Larry McMurtry, the North Texas novelist celebrated for his honest portrayal of life in Texas and the Old West, has died at 84. He leaves behind classics ranging from Lonesome Dove to Terms of Endearment; The Last Picture Show to Horseman, Pass By.
A spokesperson for the author’s family confirmed the death but did not specify a cause.
McMurtry was a prolific author, writing a multitude of novels, screenplays, essays and books of history and memoir.
That career reached new heights with the release of Lonesome Dove. He won a Pulitzer Prize in 1986 for the novel, about two retired Texas Rangers returning a herd of stolen cattle to Montana from Texas. The book was turned into a popular TV miniseries, which earned 18 Emmy Award nominations and 7 wins.
He was also an Oscar-winning screenwriter. He transformed Brokeback Mountain, Annie Proulx’s short story about two cowboys who fall in love, into the critically-acclaimed film alongside his collaborator Diana Ossana. In fact, films based on McMurtry’s fiction, including Terms of Endearment and Hud, have garnered a whopping 34 Oscar nominations and 13 wins.
The ranch outside Archer City, Texas where McMurtry spent his childhood became the inspiration for many of his books, including Horseman, Pass By and The Last Picture Show.
The city released the following statement today:
“The City of Archer City is extremely saddened to hear of Larry’s passing. Larry left an incredible legacy through his extensive body of both fictional and non-fictional writing, his movies and his bookstores. He also brought Archer City into the global limelight, connecting us with his fans across the globe. We will all miss him. On behalf of the Mayor and City Council we offer our sincere condolences to his family.”
McMurtry had an affinity for rare books. He opened a bookshop called Booked Up while living in Washington, DC in the 1970s. McMurtry returned to Archer City, to open a location there, which once housed hundreds of thousands of titles.
He earned degrees from the University of North Texas and Rice University. He wrote his first books while teaching English at Rice, as well as Texas Christian University, George Mason College and American University.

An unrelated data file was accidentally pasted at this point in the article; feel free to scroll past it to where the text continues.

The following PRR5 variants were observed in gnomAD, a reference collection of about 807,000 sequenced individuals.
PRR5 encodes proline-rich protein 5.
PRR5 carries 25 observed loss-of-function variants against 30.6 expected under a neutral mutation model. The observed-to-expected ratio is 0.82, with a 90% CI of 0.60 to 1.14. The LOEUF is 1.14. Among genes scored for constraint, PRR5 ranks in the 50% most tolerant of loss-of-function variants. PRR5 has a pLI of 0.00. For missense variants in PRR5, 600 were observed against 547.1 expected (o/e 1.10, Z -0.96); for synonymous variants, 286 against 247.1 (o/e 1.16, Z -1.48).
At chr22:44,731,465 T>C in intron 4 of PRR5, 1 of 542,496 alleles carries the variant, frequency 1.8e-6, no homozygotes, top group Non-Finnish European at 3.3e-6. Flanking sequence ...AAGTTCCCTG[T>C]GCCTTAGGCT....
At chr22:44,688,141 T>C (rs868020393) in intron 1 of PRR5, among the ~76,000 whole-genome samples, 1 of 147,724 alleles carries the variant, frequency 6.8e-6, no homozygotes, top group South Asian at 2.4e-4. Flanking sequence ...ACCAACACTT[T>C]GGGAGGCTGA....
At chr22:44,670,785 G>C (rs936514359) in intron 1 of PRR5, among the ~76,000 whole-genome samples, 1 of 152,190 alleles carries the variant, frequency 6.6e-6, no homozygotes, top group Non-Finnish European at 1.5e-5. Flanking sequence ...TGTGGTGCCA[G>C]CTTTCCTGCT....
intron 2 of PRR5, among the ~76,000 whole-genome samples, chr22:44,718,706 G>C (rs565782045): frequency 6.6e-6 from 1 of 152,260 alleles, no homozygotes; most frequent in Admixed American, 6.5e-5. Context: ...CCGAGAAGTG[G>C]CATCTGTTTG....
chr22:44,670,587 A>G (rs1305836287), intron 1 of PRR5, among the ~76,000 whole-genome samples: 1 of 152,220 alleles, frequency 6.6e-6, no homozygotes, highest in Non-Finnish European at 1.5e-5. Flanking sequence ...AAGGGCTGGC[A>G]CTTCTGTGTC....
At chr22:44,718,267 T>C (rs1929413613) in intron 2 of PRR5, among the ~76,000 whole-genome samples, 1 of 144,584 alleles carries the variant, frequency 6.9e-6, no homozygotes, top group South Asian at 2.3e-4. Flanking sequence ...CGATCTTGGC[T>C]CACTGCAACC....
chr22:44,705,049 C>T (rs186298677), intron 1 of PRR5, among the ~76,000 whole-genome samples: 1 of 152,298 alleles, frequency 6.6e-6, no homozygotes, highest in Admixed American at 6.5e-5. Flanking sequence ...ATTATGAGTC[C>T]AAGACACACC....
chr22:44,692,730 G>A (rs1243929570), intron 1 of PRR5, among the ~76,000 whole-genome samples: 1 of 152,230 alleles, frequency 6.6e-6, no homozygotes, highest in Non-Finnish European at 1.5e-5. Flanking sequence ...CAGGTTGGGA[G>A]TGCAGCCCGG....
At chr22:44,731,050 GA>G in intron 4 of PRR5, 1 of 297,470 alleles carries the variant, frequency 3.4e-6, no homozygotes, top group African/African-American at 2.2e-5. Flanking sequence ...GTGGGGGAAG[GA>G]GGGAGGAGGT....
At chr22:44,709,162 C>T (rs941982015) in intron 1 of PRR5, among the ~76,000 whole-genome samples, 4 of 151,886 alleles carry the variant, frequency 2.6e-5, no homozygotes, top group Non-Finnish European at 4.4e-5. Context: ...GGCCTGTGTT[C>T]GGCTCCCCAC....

McMurtry was widely decorated for his work. He was a Guggenheim Fellow, a recipient of the National Humanities Medal, and a three-time recipient of the Jesse J. Jones Award from the Texas Institute of Letters.
Here is a sample from some of Larry McMurtry’s memorable work:
- “The earth is mostly just a boneyard. But pretty in the sunlight.” — Lonesome Dove
- “Prose, I believe, must accord with the land. … A lyricism appropriate to the Southwest needs to be as clean as a bleached bone and as well-spaced as trees on the llano. The elements still dominate here, and a spare, elemental language, with now and then a touch of elegance, will suffice.” — In a Narrow Grave
- “It’s really quite simple. Mr. Isinglass robbed my father, destroyed my mother, exiled my brothers, and ruined me. If I catch him asleep I’ll kill him. I do hope you like this pudding. I had to ride quite a way to find the plums.” —Anything for Billy
- “I don’t remember either of my parents ever reading me a story – perhaps that’s why I’ve made up so many. . . . Of books, there were none. . . . The only magazine I can remember seeing in the ranch house was ‘The Cattleman,’ the trade journal of the range cattle industry, which once ran an article on our family called ‘McMurtry Means Beef.” — Books: A Memoir